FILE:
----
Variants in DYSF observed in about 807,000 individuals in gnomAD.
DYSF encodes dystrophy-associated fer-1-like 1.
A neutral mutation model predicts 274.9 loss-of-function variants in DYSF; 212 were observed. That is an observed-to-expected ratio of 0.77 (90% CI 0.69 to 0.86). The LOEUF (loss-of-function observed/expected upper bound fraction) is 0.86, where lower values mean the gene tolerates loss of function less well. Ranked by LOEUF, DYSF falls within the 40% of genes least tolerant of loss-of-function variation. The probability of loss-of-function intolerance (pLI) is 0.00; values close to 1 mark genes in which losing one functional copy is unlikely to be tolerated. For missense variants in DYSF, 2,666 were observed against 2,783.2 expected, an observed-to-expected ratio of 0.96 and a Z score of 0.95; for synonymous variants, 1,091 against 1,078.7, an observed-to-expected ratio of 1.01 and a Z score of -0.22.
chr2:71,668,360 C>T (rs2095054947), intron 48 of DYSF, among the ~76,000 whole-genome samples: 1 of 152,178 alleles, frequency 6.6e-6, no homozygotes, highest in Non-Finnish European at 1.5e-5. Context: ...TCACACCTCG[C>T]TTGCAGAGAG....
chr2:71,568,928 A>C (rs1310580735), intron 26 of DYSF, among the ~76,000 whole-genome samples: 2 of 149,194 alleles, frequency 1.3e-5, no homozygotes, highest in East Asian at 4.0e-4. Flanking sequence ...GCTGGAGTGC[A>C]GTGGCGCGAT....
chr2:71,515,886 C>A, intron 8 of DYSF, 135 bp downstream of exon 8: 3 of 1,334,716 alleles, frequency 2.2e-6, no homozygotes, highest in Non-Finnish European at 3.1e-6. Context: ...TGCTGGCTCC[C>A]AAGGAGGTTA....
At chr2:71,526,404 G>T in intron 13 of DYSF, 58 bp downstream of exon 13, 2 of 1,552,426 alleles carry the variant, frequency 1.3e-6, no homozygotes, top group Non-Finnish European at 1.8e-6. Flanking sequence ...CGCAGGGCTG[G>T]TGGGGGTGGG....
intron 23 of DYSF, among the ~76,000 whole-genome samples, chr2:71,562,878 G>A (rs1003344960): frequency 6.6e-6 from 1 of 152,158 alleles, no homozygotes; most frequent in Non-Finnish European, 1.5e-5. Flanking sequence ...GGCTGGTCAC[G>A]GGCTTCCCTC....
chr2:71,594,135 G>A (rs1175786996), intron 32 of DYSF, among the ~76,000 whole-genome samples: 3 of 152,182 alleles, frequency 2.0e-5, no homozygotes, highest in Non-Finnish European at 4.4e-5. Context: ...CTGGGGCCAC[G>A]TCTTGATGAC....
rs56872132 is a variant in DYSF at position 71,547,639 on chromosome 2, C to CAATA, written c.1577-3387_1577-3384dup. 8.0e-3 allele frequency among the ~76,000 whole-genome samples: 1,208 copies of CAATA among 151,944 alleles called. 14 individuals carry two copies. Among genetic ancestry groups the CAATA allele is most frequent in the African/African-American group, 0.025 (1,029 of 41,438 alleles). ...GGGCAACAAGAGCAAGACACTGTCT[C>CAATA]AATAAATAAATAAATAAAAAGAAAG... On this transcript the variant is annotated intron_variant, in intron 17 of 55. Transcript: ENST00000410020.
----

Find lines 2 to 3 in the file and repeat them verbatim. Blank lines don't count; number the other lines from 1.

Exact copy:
DYSF encodes dystrophy-associated fer-1-like 1.
A neutral mutation model predicts 274.9 loss-of-function variants in DYSF; 212 were observed. That is an observed-to-expected ratio of 0.77 (90% CI 0.69 to 0.86). The LOEUF (loss-of-function observed/expected upper bound fraction) is 0.86, where lower values mean the gene tolerates loss of function less well. Ranked by LOEUF, DYSF falls within the 40% of genes least tolerant of loss-of-function variation. The probability of loss-of-function intolerance (pLI) is 0.00; values close to 1 mark genes in which losing one functional copy is unlikely to be tolerated. For missense variants in DYSF, 2,666 were observed against 2,783.2 expected, an observed-to-expected ratio of 0.96 and a Z score of 0.95; for synonymous variants, 1,091 against 1,078.7, an observed-to-expected ratio of 1.01 and a Z score of -0.22.